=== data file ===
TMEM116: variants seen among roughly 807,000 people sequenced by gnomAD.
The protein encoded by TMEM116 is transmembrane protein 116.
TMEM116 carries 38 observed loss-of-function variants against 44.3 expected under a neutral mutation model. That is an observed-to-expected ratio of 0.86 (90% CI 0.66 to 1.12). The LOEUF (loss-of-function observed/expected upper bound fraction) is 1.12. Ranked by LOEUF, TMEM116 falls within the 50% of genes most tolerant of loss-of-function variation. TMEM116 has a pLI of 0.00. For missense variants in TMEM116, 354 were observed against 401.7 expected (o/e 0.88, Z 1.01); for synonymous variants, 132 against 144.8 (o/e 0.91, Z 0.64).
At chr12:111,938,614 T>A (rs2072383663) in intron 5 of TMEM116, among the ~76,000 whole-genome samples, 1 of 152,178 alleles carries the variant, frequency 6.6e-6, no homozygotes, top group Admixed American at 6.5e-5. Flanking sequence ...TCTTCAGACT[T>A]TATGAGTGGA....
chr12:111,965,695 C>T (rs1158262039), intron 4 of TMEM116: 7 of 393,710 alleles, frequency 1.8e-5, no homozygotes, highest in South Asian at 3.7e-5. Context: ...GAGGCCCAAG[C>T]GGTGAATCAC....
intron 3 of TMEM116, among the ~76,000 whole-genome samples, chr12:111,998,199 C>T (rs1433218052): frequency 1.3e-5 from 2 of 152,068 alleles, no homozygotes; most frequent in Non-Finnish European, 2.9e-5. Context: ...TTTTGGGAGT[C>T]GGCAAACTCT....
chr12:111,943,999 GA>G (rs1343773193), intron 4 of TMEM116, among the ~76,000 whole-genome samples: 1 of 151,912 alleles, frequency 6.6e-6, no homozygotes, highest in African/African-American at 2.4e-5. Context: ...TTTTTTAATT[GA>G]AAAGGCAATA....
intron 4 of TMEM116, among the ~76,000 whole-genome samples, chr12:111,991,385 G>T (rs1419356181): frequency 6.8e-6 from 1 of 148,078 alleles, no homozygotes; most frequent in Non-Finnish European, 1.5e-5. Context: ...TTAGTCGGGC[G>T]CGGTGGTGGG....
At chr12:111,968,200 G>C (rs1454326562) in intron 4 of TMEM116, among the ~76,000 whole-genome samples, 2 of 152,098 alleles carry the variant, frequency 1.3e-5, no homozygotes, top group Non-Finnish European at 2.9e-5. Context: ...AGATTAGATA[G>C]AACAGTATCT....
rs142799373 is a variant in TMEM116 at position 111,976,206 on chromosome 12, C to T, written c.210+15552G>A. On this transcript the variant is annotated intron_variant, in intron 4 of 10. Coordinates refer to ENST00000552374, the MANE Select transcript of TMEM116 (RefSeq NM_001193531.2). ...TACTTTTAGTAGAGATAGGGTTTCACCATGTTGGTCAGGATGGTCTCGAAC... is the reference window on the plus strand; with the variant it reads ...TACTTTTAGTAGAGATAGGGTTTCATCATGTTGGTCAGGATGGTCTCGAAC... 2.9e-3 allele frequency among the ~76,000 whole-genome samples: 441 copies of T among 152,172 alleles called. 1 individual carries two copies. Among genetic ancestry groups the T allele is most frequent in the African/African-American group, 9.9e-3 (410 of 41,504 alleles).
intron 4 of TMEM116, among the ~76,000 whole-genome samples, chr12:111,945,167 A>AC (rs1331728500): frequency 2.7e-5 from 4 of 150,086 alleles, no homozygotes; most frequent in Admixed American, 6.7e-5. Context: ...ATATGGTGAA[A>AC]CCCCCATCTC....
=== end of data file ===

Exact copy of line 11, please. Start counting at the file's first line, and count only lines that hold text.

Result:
intron 4 of TMEM116, among the ~76,000 whole-genome samples, chr12:111,945,167 A>AC (rs1331728500): frequency 2.7e-5 from 4 of 150,086 alleles, no homozygotes; most frequent in Admixed American, 6.7e-5. Context: ...ATATGGTGAA[A>AC]CCCCCATCTC....